Masopust visitors will be treated to a visual spectacle of costumed revellers, giant marionettes and lots of unusual carriages. Traditionally, the parade was meant celebrate the upcoming spring. Although dates vary from year to year, the main parade usually takes place on the second Tuesday of February.
For paraders who want to be there right from the start to the very end, head straight to Žižkov neighborhood. Here you’ll find parade participants congregating in front of the church at the Náměstí Jiřího z Poděbrad metro stop. Stalls selling mulled wine and food will ensure that revellers get off to a good start, before the parade snakes its way through the streets of Prague.
The parade usually lasts about 90 minutes, ending at the u Viktorky Žižkov park, where the celebration continues well into the night. Late comers will still have the chance to enjoy some circus entertainment, including jugglers and fire breathers.
To join in the Masopust fun, paraders should first find a costume. There are no rules when it comes to dressing up for carnival, so if in doubt go for the brightest, strangest and most colorful garb you can find. While witches and ghouls are welcome, the focus of carnival celebrations isn’t on scary creatures, but on the strange and unusual. Head to the Halloween Store or create your own Masopust costume with whatever you can find from a thrift store.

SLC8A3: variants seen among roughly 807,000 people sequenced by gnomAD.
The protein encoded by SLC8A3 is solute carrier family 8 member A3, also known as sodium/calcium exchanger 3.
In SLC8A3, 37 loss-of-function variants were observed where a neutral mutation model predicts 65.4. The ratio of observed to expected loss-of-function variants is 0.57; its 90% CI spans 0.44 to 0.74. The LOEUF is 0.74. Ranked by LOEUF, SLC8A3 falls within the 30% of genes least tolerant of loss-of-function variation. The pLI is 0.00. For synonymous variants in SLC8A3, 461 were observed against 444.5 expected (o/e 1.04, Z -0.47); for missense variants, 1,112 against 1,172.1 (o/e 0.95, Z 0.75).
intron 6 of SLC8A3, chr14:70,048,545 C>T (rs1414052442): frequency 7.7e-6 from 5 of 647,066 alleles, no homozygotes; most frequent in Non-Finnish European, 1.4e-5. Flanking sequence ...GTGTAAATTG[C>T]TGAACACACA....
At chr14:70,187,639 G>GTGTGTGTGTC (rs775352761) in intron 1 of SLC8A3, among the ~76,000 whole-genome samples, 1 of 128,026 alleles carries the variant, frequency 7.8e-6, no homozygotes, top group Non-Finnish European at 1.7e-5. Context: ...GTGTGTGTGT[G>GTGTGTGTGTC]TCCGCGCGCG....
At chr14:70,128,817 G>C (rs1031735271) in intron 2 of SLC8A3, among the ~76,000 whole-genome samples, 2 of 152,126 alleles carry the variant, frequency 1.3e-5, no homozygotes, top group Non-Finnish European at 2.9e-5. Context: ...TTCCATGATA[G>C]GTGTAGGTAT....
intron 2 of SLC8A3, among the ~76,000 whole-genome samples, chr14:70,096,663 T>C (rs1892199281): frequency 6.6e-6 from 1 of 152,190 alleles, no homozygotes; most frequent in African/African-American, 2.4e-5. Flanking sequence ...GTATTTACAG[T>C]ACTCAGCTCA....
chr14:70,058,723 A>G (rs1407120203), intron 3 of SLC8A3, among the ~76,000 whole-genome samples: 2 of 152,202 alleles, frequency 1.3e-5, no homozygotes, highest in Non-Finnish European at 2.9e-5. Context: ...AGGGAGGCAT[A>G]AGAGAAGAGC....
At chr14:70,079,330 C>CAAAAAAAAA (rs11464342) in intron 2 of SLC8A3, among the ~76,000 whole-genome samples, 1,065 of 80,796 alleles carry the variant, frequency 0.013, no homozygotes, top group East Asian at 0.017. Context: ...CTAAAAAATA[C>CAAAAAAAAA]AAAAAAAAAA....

Visitors who find themselves in Prague in the days preceding Masopust parade will also be treated to craft fairs, exhibitions, formal balls, live concerts, guided historical tours and other events. For specific dates, check the official Prague Carnival page.